This rule's market definition includes only HMDA-reported originations; purchased loans are excluded from the market definition. While some purchased loans may not be reported as originations in HMDA (the Fannie Mae argument), there are several reasons for assuming that most HMDA-reported purchased loans are also reported in HMDA as market originations. First, Fed staff have told HUD that including purchased loans would result in double counting mortgage originations.\279\ Second, comparisons of HMDA- reported FHA data with data reported by FHA supports the Fed's conclusion. For instance, FHA's own data indicate that during 2001 FHA insured 752,319 home purchase loans in metropolitan areas; the sum of HMDA-reported purchased home loans and HMDA-reported originated home loans in metropolitan areas alone yields a much higher figure of 845,176 FHA-insured loans during 2001.\280\ While these calculations are for the FHA market (rather than the conventional market), they suggest that including HMDA-reported purchased loans in the market definition would overstate mortgage origination totals. Third, Abt Associates surveyed nine wholesale lenders and questioned them concerning their guidelines for reporting in HMDA loans purchased from brokers. Most of these lenders said brokered loans were reported as originations if they

[the wholesale lender] make the credit decision; this policy is consistent with the Fed's guidelines for HMDA reporting. Abt Associates concluded that ``brokered loans do seem more likely to be reported as originations * * *.'' \281\

\279\ See Randall M. Scheessele, HMDA Coverage of the Mortgage Market, Housing Finance Working Paper No. HF-007. Office of Policy Development and Research, U.S. Department of Housing and Urban Development, July, 1998.

\280\ In this example, HMDA-reported purchased loans insured by FHA have been reduced from 411,930 to 100,251 by a procedure that accounts for missing data and overlapping purchased and originated loans. See Harold L. Bunce, The GSEs' Funding of Affordable Loans: A 2000 Update, Working Paper HF-013, Office of Policy Development and Research, HUD, April 2002, for an alternative analysis showing that a market estimate based on adding HMDA-reported purchased loans to HMDA-reported originations would substantially overstate the volume of FHA mortgage originations in metropolitan areas.

\281\ See Chapter III, ``Reporting of Brokered and Correspondent Loans under HMDA'', in Exploratory Study of the Accuracy of HMDA Data, by Abt Associates Inc. under contract for the Office of Policy Development and Research, HUD, February 12, 1999, page 18.

Finally, it should be noted that including purchased loans in the market definition does not significantly change the goals- qualifying shares of the market, mostly because borrower income data are missing for the majority of purchased loans. In addition, the low-income and underserved area shares for purchased and originated loans are rather similar. In 2001, the following differences in shares for the conventional conforming home purchase market were obtained for purchased and originated loans: Low-income (25.8 percent for purchased loans, 28.3 percent for market originations), low-mod income (41.3 percent, 43.2 percent), and underserved areas (24.2 percent, 25.8 percent). The comparisons were also similar for 2002.\282\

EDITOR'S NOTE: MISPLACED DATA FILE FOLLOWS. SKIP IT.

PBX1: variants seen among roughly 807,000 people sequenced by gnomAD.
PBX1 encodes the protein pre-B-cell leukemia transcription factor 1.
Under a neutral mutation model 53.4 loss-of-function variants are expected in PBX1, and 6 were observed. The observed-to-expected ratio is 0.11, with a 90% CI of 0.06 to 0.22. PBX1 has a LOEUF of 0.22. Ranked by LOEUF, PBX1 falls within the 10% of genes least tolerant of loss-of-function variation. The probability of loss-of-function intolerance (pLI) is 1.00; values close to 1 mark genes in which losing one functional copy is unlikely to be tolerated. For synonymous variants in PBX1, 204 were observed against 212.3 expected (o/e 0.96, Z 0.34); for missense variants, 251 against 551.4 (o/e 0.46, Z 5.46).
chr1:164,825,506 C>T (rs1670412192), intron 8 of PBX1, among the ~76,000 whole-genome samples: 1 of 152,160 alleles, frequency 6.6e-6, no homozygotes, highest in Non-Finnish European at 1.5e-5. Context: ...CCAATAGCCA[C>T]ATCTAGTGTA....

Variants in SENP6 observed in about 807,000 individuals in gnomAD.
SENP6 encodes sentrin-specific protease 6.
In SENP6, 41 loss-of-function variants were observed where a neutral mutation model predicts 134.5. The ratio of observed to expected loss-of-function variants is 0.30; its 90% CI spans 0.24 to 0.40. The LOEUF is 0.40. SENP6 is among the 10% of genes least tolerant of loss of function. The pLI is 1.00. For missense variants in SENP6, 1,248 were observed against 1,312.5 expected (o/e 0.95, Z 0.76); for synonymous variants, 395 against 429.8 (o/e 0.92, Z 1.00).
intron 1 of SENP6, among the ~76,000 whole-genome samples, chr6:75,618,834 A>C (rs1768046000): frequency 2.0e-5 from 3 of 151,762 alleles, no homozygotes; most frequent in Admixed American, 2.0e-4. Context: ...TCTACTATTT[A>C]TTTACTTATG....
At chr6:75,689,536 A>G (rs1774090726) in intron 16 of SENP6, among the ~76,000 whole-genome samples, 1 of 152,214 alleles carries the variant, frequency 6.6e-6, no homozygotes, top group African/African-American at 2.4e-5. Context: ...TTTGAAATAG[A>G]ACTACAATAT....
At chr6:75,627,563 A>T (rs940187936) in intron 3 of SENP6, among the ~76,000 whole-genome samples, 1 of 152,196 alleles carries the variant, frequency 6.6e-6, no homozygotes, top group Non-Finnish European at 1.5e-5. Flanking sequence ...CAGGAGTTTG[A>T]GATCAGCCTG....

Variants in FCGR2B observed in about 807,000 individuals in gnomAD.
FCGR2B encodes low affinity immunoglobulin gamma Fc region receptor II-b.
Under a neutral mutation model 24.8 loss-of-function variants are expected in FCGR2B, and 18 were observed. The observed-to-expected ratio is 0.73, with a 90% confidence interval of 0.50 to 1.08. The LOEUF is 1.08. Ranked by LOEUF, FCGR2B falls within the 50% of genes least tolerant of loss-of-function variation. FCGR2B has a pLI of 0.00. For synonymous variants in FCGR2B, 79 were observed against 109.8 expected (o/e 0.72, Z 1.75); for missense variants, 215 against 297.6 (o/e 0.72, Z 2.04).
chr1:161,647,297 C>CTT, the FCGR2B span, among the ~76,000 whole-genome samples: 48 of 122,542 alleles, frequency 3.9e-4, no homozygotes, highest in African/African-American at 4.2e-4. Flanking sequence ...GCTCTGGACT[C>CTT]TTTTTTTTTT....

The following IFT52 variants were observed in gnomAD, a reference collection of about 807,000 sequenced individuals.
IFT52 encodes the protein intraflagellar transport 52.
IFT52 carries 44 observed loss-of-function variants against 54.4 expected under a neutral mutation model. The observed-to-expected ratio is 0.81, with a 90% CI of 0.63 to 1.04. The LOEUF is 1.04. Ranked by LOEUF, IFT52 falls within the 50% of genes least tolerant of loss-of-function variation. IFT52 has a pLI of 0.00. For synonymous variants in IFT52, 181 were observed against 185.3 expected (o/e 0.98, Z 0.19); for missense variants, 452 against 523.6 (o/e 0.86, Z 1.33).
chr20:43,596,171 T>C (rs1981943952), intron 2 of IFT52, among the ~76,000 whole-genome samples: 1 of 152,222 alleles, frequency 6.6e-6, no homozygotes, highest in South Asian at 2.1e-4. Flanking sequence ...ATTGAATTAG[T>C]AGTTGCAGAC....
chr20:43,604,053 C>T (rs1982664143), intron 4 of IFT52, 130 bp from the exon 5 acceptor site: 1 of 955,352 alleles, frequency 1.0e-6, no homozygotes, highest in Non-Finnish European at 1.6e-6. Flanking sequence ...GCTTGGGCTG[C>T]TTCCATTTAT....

\282\ The percentage shares for purchased loans are obtained after eliminating purchased loans without data and purchased loans that overlap with originated loans. The calculations included 138,536 purchased loans for 2001 and 182,290 purchased loans for 2002.

8. Technical Issues: Using HMDA Data To Measure the Characteristics of GSE Purchases and Mortgage Market Originations \283\

\283\ Readers not interested in these technical issues may want to proceed to Section E.9, which compares GSE performance to the primary market.

This section discusses important technical issues concerning the use of HMDA data for measuring the GSEs' performance relative to the characteristics of mortgages originated in the primary market. The first issue concerns the reliability of HMDA data for measuring the borrower income and census tract characteristics of loans sold to the GSEs. Fannie Mae, in particular, has contended that HMDA data understates the percentages of its business that qualify for the three housing goals. In its comments on the proposed 2000 Rule, Fannie Mae questioned HUD's reliance on HMDA data for measuring its performance. As discussed below, HMDA data on loans sold to the GSEs do not include prior-year (seasoned) loans that are sold to the GSEs. Since about one-fourth of GSE purchases in any particular year involve loans originated in prior years, HMDA data will not provide an accurate measure of the goals-qualifying characteristics of the GSEs' total purchases when the characteristics of prior-year loans differ from those of newly-originated, current-year loans.

A related issue concerns the appropriate definition of the GSE data when making annual comparisons of GSE performance with the market. On the one hand, the GSE annual data can be expressed on a purchase-year basis, which means that all GSE purchases in a particular year would be assigned to that particular year. Alternatively, the GSE annual data can be expressed on an origination-year basis, which means that GSE purchases in a particular year would be assigned to the calendar year that the GSE- purchased mortgage was originated; for example, a GSE's purchase during 2001 of a loan originated in 1999 would be assigned to 1999, the year the loan was originated. These two approaches are discussed further below.